Birdwatching!

Posted In: Blog, Camping Gear, Product Review, RV Lifestyle, RV Products, Wildlife

Maybe I am just getting old. In the past, a proper “wildlife” viewing needed to include claws, horns, antlers, or tusks. Yes, when we ponder wildlife viewing, our thoughts might first go to wild moose in the Grand Tetons, the famous bison herds of Yellowstone, or grizzly bears in Glacier National Park. But what about wild birds… in your own backyard?

Lately I’ve found myself fascinated by these little modern day dinosaurs that visit via the air. Along these lines, one of the best “bang for the buck” wildlife viewing tools we’ve found is this seed ball wild bird feeder. This little gadget delivers an awful lot of entertainment for a rather modest expense.

A little bird seed (err, purchased in massive quantities) goes a long way.

Don’t underestimate the fun that can be had with local birds, wherever your locality may be. A bird feeder will bring in birds of many different varieties. You’ll soon get to know the regulars, and it’s always a delight to see a new visitor.

Birdwatching makes for a wonderful lifetime hobby. It’s a joy for kids and for their grandparents. And for middle aged shutterbugs like me. One of my goals is to continually attract new types of birds to our feeders, and to learn about new species.

The great thing about birdwatching is that you can do it just about anywhere. A quality bird feeder works in a campground, or in your backyard. Plus, some bird feeders are small and portable, and easily stored in an RV.

Birdwatching is a fairly cheap hobby. Sure, you need to budget for food (typically seed and suet) but those items can be purchased in bulk. For example, you can buy a 20-pound bag of black oil sunflower seeds for less than $20. Twenty pounds of seed will last quite a long while.

As for feeders, there are a variety of choices. Different feeders are appropriate for different birds. When you consider the daily entertainment and educational value provided by birdwatching, it makes sense to own some well designed and well built feeders

This brings me to the seed ball wild bird feeder. Quite simply, this ball works great with smaller songbirds like titmice, nuthatches, and cardinals. The seed munching birds love it. Larger woodpeckers also love it. (Hey, if someone was distributing the equivalent of free steak and lobster in your neighborhood, wouldn’t you like it too?)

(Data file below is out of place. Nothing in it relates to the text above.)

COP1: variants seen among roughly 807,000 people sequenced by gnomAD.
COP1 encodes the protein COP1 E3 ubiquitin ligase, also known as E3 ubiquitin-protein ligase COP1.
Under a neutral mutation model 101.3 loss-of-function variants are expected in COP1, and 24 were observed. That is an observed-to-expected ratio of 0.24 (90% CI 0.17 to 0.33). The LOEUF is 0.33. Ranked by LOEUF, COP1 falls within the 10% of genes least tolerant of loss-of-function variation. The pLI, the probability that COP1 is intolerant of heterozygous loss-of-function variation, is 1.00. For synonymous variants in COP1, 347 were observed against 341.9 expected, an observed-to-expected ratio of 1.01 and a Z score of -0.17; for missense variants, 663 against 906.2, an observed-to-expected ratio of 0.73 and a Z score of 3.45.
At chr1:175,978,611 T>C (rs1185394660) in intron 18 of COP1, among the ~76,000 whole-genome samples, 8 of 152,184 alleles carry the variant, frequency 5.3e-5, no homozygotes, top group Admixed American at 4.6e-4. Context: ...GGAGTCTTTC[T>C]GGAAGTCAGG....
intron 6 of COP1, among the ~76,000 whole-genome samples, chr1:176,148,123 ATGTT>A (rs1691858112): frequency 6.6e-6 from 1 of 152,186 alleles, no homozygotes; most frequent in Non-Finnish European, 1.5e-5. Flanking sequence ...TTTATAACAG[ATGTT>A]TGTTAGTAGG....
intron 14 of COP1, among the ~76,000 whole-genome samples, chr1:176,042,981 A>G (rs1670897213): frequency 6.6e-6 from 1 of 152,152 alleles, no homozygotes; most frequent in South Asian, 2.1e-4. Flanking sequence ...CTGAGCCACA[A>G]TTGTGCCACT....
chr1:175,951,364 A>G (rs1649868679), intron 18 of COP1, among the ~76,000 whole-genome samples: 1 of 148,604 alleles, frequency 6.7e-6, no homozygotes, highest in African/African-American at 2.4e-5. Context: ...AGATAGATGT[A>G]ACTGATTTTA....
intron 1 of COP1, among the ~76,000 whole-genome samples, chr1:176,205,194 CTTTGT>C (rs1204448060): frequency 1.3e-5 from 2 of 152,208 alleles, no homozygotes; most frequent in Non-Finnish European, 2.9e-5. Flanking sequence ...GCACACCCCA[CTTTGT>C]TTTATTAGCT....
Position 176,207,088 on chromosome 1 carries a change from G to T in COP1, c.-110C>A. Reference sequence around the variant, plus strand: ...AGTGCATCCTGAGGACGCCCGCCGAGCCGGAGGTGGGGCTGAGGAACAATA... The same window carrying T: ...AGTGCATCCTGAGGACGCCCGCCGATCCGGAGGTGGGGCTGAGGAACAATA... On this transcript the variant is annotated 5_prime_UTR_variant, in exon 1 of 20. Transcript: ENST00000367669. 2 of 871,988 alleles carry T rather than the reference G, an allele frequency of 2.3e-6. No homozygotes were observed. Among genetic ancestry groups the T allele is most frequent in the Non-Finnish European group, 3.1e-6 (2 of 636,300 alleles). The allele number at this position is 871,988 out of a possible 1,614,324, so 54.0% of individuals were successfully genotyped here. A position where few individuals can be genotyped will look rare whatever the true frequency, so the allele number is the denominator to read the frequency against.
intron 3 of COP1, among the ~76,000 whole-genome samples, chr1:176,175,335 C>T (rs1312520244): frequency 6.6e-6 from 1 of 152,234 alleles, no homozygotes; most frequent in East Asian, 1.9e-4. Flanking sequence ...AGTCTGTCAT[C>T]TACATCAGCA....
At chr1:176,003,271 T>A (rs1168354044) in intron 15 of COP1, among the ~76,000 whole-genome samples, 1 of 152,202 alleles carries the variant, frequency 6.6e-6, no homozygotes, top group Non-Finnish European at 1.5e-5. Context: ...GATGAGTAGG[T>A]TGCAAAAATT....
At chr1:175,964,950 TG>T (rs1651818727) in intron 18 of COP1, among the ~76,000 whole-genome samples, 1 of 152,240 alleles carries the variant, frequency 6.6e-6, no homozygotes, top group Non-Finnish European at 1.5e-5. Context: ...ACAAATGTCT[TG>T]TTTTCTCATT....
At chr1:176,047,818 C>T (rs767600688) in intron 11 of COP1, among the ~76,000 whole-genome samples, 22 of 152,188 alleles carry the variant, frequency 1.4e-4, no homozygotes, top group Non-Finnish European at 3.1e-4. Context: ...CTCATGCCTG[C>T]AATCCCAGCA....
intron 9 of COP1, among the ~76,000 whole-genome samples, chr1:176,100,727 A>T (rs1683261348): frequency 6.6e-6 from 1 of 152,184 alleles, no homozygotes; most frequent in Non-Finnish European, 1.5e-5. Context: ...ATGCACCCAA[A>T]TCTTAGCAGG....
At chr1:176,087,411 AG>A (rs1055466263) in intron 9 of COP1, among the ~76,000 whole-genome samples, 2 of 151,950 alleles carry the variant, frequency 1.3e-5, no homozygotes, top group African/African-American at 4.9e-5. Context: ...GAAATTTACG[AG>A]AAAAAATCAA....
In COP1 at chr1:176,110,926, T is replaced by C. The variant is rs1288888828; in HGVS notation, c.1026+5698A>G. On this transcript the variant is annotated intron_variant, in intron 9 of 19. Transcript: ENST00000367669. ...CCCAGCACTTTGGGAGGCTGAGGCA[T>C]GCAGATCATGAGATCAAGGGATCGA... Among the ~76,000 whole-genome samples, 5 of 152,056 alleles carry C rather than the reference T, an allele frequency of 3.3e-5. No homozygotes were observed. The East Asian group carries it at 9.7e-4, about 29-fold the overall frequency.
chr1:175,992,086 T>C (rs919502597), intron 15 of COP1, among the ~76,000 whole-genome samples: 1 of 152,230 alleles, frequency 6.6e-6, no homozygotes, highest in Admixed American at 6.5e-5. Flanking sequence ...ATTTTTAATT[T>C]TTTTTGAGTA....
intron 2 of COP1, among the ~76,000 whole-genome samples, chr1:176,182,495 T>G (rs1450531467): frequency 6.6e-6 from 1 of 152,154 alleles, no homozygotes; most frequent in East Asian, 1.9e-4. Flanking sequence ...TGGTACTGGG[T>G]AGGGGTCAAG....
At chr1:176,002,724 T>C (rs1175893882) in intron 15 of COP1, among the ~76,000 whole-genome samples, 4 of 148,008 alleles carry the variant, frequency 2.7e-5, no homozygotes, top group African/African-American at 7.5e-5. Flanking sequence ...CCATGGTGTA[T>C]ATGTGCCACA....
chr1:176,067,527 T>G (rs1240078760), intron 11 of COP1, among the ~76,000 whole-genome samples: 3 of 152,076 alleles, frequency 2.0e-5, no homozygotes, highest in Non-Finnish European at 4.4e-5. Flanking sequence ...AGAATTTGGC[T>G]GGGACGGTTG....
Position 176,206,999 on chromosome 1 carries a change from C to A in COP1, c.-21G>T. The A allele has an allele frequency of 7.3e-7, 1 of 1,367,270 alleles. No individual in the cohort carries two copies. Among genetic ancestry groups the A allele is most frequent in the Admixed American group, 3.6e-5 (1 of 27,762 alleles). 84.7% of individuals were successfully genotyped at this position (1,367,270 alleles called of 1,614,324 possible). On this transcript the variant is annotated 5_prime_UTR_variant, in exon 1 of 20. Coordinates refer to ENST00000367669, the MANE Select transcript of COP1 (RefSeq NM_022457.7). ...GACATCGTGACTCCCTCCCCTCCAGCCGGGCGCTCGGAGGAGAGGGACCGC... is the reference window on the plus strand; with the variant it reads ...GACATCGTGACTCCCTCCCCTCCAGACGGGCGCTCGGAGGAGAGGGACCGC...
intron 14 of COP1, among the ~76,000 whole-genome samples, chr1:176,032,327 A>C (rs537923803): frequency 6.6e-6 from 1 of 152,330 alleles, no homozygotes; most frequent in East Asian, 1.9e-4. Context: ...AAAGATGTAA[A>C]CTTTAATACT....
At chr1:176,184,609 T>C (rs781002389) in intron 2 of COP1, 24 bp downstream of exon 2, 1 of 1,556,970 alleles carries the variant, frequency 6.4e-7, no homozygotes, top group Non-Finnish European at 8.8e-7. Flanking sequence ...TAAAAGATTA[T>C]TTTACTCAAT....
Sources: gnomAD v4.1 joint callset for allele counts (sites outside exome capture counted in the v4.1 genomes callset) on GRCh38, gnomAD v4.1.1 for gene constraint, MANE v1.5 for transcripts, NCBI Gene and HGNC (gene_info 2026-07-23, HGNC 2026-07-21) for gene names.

The seed ball is exactly what it looks like – a metal mesh ball that serves as storage for food. Birds land on the ball and pull out food.

First and foremost, we use black oil sunflower seeds in our seed ball. The seeds are small enough to pass through the ball mesh, but large enough not to spill out.

The build quality of this product is pretty good. We like the full metal construction. The ball sphere itself feels solid and sturdy (and yes, ours survived a lengthy drop from the tree to the ground).

The metal support chain is on the flimsy side. It gets the job done, but a thicker more robust chain might do more to confound squirrels and raccoons.

If you make a nice neighborhood, some birds may decide to nest in it.

If you make a nice neighborhood, some birds may decide to nest in it.

And what about squirrels? Those crafty mammals delight in bird feeders, too. At times I feel like the Bill Murray character in Caddyshack, matching wits against a furry mammal (and often losing the battle).

So far, we haven’t had much problem with squirrels and this feeder. One of our techniques, however, is to bring the feeder indoors once the sun sets. We have a few curious raccoons in our area, and once the sun goes down they like to stir up trouble.

Overall this ball feeder is a winner. For the money, it delivers loads of entertainment. Click here to get your own ball feeder.

In addition to a ball seed bird feeder, if you have the storage space it makes sense to own a platform feeder like the Going Green Platform Bird Feeder.

Why own a platform feeder? Quite simply, it will attract more birds, and different varieties of birds. We have both types of feeder hanging in the same tree.

A platform feeder allows you to use different kinds of feed beyond seeds. We stock ours with mealworms in addition to black oil sunflower seeds.

In my experience, woodpeckers love suet cakes and nuggets (http://goo.gl/z6VVtc).

Cardinals, titmice, and nuthatches love black oil sunflower seeds. Bluebirds love mealworms.

So what else makes the Going Green Platform Feeder worth owning?